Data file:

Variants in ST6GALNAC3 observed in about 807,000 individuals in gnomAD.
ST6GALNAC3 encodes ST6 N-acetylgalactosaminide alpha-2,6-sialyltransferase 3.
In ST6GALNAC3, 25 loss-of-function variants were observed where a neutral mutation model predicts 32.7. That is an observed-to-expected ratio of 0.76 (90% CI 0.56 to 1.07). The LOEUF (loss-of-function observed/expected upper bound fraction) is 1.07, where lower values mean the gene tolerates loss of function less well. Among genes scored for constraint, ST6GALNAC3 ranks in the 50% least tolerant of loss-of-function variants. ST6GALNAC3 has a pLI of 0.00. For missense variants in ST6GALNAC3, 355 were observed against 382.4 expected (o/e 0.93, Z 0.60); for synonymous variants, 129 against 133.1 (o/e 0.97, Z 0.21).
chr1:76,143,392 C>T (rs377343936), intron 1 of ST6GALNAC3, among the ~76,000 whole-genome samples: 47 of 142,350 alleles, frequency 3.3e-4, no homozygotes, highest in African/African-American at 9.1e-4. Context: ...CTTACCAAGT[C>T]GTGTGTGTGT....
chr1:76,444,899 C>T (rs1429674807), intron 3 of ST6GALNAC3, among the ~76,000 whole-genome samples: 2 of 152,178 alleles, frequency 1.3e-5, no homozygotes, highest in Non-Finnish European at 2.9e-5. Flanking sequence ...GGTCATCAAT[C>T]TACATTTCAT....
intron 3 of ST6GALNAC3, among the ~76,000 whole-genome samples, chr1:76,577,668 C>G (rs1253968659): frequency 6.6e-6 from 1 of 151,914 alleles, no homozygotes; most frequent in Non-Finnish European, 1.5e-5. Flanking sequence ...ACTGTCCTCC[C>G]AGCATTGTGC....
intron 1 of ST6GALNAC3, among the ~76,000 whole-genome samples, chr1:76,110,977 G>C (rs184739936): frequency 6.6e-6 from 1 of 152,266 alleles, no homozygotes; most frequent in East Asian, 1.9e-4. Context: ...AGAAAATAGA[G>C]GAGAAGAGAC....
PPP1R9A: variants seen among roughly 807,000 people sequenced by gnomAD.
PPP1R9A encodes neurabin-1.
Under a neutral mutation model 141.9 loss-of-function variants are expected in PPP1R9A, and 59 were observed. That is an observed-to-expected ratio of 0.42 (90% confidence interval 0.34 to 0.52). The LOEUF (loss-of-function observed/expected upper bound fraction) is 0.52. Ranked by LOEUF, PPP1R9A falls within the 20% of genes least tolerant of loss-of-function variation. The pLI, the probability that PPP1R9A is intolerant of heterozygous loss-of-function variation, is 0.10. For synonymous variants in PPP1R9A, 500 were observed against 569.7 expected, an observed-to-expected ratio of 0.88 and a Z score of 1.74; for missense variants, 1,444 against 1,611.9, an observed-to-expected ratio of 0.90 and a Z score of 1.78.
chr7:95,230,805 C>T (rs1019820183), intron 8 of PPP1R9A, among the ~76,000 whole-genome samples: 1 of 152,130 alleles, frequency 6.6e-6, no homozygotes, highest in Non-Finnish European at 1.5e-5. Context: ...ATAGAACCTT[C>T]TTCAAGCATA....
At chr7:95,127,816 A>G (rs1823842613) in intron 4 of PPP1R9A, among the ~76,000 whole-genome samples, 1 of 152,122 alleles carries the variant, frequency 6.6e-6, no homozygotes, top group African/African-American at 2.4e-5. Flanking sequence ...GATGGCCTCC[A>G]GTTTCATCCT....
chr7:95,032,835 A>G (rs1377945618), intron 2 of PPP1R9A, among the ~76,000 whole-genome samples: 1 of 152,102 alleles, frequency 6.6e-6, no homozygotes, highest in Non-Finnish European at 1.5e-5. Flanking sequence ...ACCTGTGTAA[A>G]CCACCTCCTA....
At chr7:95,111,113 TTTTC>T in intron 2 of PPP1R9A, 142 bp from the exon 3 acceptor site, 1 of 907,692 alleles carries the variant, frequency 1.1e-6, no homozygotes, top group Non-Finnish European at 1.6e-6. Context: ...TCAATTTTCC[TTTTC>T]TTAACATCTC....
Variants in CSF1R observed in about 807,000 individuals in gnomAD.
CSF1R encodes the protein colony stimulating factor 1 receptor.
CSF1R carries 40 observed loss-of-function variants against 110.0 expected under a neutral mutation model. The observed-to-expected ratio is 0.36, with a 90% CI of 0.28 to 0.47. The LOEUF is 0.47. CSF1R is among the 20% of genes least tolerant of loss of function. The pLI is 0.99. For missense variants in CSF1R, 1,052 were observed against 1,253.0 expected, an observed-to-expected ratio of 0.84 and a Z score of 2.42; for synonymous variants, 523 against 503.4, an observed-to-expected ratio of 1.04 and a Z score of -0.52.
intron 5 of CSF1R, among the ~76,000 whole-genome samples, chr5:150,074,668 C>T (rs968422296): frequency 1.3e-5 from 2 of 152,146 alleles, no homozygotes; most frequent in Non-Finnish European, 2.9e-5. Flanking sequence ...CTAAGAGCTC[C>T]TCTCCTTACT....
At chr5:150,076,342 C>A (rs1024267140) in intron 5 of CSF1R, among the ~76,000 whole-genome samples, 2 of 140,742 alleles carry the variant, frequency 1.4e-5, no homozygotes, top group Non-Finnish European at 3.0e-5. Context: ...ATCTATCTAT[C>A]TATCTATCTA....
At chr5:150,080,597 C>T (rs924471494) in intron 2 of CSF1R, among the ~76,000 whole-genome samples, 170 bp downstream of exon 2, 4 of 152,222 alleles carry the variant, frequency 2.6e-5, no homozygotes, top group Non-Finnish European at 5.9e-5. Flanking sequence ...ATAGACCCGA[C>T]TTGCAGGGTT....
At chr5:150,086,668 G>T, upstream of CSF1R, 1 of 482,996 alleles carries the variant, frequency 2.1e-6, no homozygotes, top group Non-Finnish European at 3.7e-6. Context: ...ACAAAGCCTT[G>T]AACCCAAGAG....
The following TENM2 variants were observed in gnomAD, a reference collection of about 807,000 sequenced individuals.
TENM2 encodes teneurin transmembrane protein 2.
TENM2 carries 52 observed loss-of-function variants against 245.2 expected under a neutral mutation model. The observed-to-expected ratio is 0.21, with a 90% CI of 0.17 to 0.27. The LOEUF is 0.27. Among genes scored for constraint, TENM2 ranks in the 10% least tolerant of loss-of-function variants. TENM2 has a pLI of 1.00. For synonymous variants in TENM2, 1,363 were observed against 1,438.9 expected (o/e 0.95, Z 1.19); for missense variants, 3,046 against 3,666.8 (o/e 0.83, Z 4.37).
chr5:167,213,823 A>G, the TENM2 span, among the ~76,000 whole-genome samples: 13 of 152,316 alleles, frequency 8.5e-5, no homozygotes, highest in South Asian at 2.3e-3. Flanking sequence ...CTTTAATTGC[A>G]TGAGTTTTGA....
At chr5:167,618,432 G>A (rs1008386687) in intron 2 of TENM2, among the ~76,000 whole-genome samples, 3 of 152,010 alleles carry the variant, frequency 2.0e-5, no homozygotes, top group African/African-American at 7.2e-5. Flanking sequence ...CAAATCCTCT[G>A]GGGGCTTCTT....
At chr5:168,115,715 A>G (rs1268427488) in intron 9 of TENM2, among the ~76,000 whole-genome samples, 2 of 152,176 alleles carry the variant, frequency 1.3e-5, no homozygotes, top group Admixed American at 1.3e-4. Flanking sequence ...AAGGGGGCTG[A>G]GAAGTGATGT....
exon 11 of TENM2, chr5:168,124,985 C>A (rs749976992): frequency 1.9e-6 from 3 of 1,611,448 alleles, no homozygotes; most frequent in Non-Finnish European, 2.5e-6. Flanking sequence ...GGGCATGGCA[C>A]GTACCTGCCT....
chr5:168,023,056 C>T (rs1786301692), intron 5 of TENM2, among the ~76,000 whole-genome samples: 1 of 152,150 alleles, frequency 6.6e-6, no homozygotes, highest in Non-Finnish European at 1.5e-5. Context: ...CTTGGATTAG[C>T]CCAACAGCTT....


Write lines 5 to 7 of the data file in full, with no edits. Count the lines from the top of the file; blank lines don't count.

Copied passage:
chr1:76,444,899 C>T (rs1429674807), intron 3 of ST6GALNAC3, among the ~76,000 whole-genome samples: 2 of 152,178 alleles, frequency 1.3e-5, no homozygotes, highest in Non-Finnish European at 2.9e-5. Flanking sequence ...GGTCATCAAT[C>T]TACATTTCAT....
intron 3 of ST6GALNAC3, among the ~76,000 whole-genome samples, chr1:76,577,668 C>G (rs1253968659): frequency 6.6e-6 from 1 of 151,914 alleles, no homozygotes; most frequent in Non-Finnish European, 1.5e-5. Flanking sequence ...ACTGTCCTCC[C>G]AGCATTGTGC....
intron 1 of ST6GALNAC3, among the ~76,000 whole-genome samples, chr1:76,110,977 G>C (rs184739936): frequency 6.6e-6 from 1 of 152,266 alleles, no homozygotes; most frequent in East Asian, 1.9e-4. Context: ...AGAAAATAGA[G>C]GAGAAGAGAC....